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Stress Management Information

What is a Stress Reaction?  Information for Yourself  Information for Family Members and Friends 

Critical Incidents are abnormal/uncommon events that may evoke great distress for those involved. In the aftermath of these events, individuals and their families are at a high risk for developing critical incident stress reactions or the more serious post-traumatic stress disorder.

Three events, which often qualify as “Critical Incidents” in our lives, are:
  1. The loss of someone close to us or under our care/supervision
  2. The belief that we may have come close to losing our own life
  3. Watching another person lose their life

What is A Stress Reaction?
Dr. Jeffrey T. Mitchell, Associate Professor of Psychology at the University of Maryland and cofounder of the International Critical Incident Stress Foundation, Inc., has defined critical incident stress as the normal reaction of a normal person to an abnormal event.

In the context of critical incident stress management, stress reactions are psychological and physiological changes that occur in a person who has been exposed to a stressful event. Stress reactions may appear within days or they may take months or years to surface. If stress reactions do not diminish in frequency and intensity within a few weeks of the event, assistance from a mental health professional may be necessary.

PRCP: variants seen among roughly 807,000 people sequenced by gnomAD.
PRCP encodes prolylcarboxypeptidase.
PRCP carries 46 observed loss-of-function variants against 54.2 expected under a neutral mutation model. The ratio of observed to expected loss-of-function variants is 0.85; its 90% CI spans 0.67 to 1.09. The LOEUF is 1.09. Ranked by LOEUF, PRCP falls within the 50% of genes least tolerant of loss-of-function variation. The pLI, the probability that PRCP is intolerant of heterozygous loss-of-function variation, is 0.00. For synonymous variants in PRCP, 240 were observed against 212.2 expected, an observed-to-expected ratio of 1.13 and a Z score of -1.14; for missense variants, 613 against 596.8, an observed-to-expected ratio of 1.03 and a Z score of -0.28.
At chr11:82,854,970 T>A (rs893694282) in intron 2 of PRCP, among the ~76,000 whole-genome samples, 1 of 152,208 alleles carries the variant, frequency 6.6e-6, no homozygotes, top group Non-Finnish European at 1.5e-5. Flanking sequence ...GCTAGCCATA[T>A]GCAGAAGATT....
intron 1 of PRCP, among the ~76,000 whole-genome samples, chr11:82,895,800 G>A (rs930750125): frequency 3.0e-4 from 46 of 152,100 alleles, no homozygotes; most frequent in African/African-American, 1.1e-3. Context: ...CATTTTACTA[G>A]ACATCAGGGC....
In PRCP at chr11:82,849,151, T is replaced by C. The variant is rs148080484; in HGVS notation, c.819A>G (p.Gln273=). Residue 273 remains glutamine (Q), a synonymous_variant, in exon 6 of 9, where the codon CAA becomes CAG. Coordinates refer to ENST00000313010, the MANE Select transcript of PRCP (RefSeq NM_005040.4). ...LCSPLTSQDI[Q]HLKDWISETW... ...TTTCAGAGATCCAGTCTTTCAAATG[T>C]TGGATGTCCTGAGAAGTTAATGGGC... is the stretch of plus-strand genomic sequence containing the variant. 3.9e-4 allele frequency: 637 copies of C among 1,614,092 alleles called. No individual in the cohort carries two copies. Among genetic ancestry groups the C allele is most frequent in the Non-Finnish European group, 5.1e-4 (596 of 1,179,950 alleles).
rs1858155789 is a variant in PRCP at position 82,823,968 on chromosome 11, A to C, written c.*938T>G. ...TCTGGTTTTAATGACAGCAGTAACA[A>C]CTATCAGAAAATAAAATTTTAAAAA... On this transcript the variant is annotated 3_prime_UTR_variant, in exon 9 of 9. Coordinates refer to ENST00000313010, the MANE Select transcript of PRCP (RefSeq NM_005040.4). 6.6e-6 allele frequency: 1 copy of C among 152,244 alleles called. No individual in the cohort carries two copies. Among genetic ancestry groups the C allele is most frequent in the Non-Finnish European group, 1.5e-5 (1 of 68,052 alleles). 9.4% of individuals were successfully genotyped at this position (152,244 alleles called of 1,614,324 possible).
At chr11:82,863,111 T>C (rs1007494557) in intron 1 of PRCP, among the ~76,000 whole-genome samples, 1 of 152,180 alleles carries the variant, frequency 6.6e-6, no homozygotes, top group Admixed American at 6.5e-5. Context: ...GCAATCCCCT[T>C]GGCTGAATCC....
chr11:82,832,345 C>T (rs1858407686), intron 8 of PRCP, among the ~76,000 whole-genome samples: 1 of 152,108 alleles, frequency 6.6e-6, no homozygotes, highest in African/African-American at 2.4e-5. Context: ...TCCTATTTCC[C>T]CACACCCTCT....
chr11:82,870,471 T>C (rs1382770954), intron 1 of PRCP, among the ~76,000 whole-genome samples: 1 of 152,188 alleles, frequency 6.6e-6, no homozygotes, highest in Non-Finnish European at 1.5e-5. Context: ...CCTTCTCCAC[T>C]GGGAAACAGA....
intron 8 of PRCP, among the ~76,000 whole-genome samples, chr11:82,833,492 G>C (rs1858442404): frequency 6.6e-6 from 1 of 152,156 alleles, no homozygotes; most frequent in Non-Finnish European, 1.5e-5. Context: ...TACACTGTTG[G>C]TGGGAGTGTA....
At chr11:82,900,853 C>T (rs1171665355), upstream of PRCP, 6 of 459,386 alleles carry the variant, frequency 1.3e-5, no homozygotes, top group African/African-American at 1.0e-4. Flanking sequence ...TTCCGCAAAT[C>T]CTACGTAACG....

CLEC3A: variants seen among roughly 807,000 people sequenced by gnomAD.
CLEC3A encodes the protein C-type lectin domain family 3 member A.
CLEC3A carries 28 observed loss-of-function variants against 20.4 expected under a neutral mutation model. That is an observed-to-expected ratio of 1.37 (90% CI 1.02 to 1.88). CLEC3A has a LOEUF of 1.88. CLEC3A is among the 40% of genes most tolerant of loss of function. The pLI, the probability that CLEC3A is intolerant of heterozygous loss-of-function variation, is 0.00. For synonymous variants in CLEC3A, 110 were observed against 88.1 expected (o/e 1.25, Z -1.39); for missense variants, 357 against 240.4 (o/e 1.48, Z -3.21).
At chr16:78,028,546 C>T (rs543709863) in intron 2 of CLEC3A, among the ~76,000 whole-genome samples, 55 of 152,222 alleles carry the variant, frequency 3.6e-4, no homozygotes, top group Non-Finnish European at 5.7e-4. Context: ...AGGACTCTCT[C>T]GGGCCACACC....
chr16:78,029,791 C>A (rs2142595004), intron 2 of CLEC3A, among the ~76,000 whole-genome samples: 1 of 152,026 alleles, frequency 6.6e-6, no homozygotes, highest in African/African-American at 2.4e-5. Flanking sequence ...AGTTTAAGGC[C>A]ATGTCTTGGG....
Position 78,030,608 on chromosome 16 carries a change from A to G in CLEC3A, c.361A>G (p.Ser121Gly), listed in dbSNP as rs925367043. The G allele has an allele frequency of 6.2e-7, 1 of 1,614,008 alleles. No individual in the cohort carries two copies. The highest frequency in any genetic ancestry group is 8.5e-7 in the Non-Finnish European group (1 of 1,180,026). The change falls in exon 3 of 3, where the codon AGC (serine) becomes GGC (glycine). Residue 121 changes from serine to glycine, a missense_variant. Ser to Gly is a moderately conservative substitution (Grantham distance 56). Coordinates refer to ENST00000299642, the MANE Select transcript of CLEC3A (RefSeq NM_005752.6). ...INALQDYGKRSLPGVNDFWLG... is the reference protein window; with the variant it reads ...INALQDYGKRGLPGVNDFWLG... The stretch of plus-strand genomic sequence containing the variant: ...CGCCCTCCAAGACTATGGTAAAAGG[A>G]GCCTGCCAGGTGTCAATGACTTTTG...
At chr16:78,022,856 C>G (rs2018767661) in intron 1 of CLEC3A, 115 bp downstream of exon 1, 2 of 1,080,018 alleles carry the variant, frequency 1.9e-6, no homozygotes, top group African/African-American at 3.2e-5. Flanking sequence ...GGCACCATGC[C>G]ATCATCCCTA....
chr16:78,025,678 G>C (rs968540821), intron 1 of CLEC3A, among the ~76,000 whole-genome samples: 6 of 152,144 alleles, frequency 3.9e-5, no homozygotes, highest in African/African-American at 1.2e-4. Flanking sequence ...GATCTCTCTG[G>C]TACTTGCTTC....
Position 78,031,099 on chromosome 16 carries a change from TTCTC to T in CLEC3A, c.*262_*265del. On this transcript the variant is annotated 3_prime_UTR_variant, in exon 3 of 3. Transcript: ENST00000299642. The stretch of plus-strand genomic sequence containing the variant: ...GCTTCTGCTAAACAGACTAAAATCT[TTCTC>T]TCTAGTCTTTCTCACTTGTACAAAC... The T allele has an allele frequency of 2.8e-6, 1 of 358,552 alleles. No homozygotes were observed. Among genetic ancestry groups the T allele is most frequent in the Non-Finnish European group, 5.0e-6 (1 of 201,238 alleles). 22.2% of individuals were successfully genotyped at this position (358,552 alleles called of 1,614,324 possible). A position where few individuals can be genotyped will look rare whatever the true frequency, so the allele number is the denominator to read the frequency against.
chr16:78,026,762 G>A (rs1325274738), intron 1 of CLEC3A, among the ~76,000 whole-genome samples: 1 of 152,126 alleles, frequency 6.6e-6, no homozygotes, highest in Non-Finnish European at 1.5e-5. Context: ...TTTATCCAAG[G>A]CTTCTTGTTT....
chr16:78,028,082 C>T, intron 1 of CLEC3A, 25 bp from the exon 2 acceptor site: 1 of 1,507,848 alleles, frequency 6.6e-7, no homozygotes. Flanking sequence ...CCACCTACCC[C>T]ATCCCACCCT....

The following list of common stress reactions was provided by the International Critical Incident Stress Foundation, Inc., Baltimore, Maryland.

Physical

Thinking/Cognitive

Emotional

Behavioral

Chest tightness

Blaming

Abandoned

Alcohol consumption

Chills

Confusion

Agitation

Antisocial actions

Cold

Difficulty calculating

Anxiety

Changes in activity

Diarrhea

Difficulty concentrating

Apprehension

Changes in sex life

Dizziness

Difficulty in problem solving

Denial

Emotional outbursts

Fast breathing

Difficulty making decisions

Depression

Erratic movements

Fatigue

Difficulty naming common objects

Fear

Harsh with family

Grinding teeth

Difficulty reading

Feeling isolated

Hyperalert to environment

Headaches

Disorientation (place/time)

Feeling lost

Inability to rest/relax

Hormone changes

Distressing dreams

Feeling numb

Increase/Loss of appetite

Nausea

Hypervigilance

Grief

Job changes

Profuse sweats

Increased/decreased alertness

Guilt

Nonspecific body pains

Rapid heartbeat

Intrusive memories

Intense anger

Pacing

Sleep problems

Memory problems (short or long)

Irritability

Paranoia

Thirst

Offensive/Defensive self reviews

Limited contact

Relationship problems

Tremors (hands)

Overwhelmed by normal routines

Sadness

Speech pattern changes

Twitching

Poor attention span (decreased)

Uncertainty

Startle reflex intensified

Upset stomach

Seeing event over and over again

Wanting to hide

Suspiciousness

Visual difficulty

Slower thought process

Worry

Withdrawal into oneself


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